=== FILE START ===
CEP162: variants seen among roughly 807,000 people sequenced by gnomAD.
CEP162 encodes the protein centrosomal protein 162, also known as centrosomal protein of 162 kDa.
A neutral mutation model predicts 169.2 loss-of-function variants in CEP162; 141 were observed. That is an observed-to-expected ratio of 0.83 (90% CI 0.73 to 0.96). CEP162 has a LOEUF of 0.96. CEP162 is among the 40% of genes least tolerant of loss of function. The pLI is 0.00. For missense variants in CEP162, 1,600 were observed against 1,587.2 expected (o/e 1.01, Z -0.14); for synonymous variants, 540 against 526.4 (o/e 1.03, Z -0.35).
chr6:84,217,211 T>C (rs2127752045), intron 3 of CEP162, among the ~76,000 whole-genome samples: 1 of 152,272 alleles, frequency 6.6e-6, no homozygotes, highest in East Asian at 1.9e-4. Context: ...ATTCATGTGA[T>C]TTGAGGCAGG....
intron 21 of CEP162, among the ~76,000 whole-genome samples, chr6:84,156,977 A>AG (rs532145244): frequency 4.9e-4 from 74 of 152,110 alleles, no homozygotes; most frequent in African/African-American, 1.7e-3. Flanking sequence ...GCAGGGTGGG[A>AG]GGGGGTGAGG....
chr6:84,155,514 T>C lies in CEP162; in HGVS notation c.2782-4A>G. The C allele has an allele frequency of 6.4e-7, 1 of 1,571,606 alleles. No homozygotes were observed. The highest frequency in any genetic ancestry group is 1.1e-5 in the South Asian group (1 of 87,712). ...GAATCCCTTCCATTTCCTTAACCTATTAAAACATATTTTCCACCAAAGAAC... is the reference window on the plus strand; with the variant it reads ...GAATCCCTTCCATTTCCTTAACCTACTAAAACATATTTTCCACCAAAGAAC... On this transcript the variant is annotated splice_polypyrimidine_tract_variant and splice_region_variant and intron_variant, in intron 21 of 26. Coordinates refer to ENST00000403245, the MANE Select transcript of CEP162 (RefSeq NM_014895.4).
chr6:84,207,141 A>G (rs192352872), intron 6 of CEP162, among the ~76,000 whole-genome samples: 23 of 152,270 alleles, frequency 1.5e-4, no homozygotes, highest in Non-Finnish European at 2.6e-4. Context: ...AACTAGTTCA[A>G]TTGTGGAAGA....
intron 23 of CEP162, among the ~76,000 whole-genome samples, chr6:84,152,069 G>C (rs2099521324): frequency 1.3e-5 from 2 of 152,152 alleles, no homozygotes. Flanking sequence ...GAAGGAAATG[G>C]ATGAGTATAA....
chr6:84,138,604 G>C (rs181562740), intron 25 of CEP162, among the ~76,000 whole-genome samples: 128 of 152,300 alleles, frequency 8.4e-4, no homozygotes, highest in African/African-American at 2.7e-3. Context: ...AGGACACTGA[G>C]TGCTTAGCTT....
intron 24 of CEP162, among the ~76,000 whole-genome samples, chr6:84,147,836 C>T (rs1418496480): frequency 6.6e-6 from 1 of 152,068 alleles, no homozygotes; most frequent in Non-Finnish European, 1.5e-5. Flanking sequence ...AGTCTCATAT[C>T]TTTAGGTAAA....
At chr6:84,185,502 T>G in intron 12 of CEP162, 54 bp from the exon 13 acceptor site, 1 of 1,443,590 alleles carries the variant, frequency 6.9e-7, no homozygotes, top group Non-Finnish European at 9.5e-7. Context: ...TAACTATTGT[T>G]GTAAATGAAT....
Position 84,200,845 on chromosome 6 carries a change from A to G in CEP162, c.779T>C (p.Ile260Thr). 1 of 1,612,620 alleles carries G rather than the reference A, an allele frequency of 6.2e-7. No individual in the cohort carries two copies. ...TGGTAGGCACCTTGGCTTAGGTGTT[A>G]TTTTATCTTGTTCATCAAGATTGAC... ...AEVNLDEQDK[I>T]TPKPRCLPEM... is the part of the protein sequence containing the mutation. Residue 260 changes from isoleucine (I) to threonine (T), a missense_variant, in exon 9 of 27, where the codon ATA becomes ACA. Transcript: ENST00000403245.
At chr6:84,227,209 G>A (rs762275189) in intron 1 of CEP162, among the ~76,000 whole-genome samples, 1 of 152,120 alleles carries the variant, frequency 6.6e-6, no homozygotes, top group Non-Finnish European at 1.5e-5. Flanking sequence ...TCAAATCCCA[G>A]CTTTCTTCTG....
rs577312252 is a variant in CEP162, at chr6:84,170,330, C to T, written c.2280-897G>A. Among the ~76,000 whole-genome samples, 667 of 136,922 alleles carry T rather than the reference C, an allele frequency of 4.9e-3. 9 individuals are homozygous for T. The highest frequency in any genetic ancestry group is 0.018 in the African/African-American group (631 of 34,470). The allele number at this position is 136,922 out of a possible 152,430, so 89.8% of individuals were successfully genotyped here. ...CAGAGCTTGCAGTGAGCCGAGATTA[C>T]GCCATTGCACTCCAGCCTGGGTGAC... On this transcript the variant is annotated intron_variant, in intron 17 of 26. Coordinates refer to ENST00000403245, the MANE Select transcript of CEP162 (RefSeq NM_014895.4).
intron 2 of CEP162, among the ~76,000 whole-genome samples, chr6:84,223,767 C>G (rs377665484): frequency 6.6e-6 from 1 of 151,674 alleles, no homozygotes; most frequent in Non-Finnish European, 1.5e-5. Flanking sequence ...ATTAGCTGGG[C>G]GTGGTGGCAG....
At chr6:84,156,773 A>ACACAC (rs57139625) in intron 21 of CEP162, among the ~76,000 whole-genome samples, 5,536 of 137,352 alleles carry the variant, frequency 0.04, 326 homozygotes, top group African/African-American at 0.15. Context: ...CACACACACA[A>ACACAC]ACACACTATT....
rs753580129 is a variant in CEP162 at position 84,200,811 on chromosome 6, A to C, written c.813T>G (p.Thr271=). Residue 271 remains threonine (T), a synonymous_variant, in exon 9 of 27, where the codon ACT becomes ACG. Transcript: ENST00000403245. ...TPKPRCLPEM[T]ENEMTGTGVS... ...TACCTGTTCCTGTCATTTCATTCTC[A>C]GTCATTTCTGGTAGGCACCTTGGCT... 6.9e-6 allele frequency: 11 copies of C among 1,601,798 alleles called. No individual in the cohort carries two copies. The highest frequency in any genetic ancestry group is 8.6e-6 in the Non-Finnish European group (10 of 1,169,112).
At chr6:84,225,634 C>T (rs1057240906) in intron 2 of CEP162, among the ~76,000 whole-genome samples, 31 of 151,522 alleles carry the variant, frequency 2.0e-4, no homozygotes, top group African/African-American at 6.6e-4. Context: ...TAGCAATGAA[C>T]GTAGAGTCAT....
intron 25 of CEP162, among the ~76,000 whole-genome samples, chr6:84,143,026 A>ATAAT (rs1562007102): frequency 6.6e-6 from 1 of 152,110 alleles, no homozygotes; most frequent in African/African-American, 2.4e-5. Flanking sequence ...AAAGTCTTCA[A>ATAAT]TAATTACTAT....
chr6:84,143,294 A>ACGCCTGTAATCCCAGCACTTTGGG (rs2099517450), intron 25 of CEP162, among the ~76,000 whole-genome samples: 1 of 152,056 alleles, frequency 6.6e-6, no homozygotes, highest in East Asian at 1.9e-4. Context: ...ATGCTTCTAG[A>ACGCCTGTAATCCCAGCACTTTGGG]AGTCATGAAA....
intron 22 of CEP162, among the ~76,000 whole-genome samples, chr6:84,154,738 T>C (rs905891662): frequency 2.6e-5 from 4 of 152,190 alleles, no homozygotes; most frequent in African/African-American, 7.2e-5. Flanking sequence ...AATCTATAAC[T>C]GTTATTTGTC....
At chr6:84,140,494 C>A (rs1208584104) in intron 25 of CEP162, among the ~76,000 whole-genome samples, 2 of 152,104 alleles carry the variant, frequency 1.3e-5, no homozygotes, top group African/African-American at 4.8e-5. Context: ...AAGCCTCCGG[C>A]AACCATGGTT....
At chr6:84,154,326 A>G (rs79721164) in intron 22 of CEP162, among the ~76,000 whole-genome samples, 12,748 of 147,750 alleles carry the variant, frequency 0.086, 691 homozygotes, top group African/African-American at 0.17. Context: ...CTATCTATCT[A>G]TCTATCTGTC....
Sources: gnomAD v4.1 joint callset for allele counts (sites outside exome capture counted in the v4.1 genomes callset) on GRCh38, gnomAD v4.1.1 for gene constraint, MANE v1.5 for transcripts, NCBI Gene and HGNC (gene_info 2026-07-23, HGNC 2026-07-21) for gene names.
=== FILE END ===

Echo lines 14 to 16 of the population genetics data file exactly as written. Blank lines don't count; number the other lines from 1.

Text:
rs577312252 is a variant in CEP162, at chr6:84,170,330, C to T, written c.2280-897G>A. Among the ~76,000 whole-genome samples, 667 of 136,922 alleles carry T rather than the reference C, an allele frequency of 4.9e-3. 9 individuals are homozygous for T. The highest frequency in any genetic ancestry group is 0.018 in the African/African-American group (631 of 34,470). The allele number at this position is 136,922 out of a possible 152,430, so 89.8% of individuals were successfully genotyped here. ...CAGAGCTTGCAGTGAGCCGAGATTA[C>T]GCCATTGCACTCCAGCCTGGGTGAC... On this transcript the variant is annotated intron_variant, in intron 17 of 26. Coordinates refer to ENST00000403245, the MANE Select transcript of CEP162 (RefSeq NM_014895.4).
intron 2 of CEP162, among the ~76,000 whole-genome samples, chr6:84,223,767 C>G (rs377665484): frequency 6.6e-6 from 1 of 151,674 alleles, no homozygotes; most frequent in Non-Finnish European, 1.5e-5. Flanking sequence ...ATTAGCTGGG[C>G]GTGGTGGCAG....
At chr6:84,156,773 A>ACACAC (rs57139625) in intron 21 of CEP162, among the ~76,000 whole-genome samples, 5,536 of 137,352 alleles carry the variant, frequency 0.04, 326 homozygotes, top group African/African-American at 0.15. Context: ...CACACACACA[A>ACACAC]ACACACTATT....